Professional designers know that only certain types of patterns work together and that pairing incongruous patterns can create an oddly dissociate visual effect. This is why sometimes things just don’t look right together.
A closer look at visual perception reveals that some patterns can cause our brains to fail, giving rise to the modern “optical illusions.” Conversely, there are certain patterns that are pleasing to the eye, which have given rise to established patterns found in art, architecture, and fashion. The development of fabric patterns is the natural result.
In men’s fashion, and suiting to be specific, there are many “standards” and variations of those standards. Vacheron Constantin narrowed down all the options to five representative patterns to use on the dials of each edition of the Métiers d’Art Elegance Sartoriale collection. These are the ever-popular pinstripe, the Prince of Wales check (or Glen plaid), the timeless herringbone, the bolder windowpane, and the pattern of my people, the tartan.
These five represent a base for the huge amount of fabric patterns that have been created over the last few hundred years. Each pattern makes up half (if not two-thirds) of the dial with a smaller offset subdial to display the time.
The devil is in the details
The patterns are truly the stars of this collection, not just because they are taken right from the folds of fashion, but because they are all incredibly difficult to engrave due to their complex designs. Every single line is engraved by hand on a rose engine lathe using a process known as guilloché.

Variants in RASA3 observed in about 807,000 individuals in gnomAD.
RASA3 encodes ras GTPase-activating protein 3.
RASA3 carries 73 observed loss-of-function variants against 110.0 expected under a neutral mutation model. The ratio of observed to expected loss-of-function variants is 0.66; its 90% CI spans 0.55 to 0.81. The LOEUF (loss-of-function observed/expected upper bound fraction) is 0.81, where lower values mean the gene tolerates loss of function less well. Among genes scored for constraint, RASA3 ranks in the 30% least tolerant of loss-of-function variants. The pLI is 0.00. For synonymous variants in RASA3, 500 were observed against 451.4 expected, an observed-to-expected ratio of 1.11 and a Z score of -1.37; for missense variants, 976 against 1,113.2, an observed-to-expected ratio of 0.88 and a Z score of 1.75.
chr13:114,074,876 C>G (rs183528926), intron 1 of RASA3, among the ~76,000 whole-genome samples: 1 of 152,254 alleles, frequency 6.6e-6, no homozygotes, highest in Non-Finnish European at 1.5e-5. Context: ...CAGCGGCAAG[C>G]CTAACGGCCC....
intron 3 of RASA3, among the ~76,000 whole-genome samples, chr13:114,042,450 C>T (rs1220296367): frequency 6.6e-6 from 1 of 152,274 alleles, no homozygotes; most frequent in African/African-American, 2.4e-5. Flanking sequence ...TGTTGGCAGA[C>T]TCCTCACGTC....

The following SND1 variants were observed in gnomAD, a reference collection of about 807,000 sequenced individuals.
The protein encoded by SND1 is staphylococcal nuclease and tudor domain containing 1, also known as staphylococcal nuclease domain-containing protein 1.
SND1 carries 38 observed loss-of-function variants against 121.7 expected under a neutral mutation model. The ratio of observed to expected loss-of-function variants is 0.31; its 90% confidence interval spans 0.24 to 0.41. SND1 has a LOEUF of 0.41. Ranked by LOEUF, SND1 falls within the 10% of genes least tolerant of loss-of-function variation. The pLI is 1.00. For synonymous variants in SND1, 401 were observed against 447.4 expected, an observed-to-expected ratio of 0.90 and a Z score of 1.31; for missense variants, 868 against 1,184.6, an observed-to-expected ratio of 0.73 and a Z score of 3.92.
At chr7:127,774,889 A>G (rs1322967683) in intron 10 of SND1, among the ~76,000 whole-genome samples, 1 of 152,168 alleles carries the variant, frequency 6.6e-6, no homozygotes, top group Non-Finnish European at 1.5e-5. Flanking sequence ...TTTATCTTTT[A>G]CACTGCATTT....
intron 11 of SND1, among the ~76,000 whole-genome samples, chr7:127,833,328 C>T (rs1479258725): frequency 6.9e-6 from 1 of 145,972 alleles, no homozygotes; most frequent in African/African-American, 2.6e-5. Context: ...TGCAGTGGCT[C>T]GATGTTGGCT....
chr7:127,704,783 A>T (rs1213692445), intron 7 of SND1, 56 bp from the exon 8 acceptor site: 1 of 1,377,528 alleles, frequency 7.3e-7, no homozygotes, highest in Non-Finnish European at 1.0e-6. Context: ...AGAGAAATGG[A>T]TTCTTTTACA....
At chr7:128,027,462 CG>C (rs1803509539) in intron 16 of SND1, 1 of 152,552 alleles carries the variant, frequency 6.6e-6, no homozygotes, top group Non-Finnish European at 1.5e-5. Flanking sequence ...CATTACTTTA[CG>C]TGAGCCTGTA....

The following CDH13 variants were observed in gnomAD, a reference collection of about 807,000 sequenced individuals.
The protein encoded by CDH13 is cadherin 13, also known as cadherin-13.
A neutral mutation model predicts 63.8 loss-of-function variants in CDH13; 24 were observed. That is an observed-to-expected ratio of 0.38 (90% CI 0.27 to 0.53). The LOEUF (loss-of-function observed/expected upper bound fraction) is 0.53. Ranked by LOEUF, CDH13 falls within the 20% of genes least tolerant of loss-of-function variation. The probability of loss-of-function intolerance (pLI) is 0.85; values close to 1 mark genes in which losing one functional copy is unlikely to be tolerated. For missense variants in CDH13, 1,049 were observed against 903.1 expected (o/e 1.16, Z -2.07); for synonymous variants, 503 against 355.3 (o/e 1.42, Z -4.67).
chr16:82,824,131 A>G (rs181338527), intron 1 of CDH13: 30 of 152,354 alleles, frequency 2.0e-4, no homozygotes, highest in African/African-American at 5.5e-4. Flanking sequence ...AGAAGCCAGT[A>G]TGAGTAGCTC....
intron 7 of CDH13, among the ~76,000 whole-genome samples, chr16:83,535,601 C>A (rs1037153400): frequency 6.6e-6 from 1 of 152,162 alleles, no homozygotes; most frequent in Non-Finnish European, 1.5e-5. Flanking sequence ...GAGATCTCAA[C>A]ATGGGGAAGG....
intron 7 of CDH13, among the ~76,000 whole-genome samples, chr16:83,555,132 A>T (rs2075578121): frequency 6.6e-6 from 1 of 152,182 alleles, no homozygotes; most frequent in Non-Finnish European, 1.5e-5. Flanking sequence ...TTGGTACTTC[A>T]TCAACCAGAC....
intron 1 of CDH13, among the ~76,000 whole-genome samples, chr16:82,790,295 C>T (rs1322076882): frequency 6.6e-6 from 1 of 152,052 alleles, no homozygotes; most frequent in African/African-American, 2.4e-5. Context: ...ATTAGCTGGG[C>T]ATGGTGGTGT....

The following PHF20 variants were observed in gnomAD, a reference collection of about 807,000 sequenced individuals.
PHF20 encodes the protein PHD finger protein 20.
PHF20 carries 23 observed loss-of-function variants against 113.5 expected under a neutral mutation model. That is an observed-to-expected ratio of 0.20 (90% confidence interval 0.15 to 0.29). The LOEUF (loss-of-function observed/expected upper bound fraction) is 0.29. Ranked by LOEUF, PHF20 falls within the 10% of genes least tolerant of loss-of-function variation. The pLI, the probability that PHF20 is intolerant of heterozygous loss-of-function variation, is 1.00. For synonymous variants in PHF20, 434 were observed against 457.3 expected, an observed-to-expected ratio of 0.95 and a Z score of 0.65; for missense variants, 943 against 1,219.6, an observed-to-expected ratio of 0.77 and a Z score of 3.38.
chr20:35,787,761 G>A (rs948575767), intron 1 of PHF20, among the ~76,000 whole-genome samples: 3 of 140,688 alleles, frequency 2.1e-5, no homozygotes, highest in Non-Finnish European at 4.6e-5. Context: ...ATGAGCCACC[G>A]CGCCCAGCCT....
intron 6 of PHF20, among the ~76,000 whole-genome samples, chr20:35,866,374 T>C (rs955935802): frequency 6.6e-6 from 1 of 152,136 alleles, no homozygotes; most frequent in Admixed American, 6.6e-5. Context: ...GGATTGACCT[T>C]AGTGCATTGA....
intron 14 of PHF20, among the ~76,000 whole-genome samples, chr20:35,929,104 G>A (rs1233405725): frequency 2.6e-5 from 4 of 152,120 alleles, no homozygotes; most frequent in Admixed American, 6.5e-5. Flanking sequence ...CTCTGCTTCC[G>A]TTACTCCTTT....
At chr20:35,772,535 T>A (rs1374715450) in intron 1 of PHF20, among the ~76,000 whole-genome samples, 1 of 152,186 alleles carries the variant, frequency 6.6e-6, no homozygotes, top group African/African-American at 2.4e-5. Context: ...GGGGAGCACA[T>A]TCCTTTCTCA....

Any guilloché pattern takes a long time to set up and engrave, but these fabric patterns are uniquely complicated, especially the tartan and Glen plaid.
Depending on how many different setups and pattern changes are in a design, the process of guilloché can easily take hours that turn into days.
Each new line pattern requires a different machine setting, and each direction requires a new setup that needs to be aligned perfectly. And since all of the actual engraving in done by hand, any variation in the pattern needs to be planned and carefully applied.
Then, after each dial is successfully engraved it is sent for enameling.
Each pattern gets its own unique color to fit stylistically with the pattern. And since the patterns themselves can cause interesting light reflections, more than 30 attempts were needed to find the right hues for the high-fire enamel.
At this point there is already a huge amount of work applied to the dials and we haven’t even talked about the time display, which comprises a two-part gold dial whose center has its own unique engraving. The process for this is the same one utilized on the Audemars Piguet Royal Oak tapisserie dials, which are created using a rotary, reducing pantograph – in essence, an automated ratio-shrinking rose engine lathe.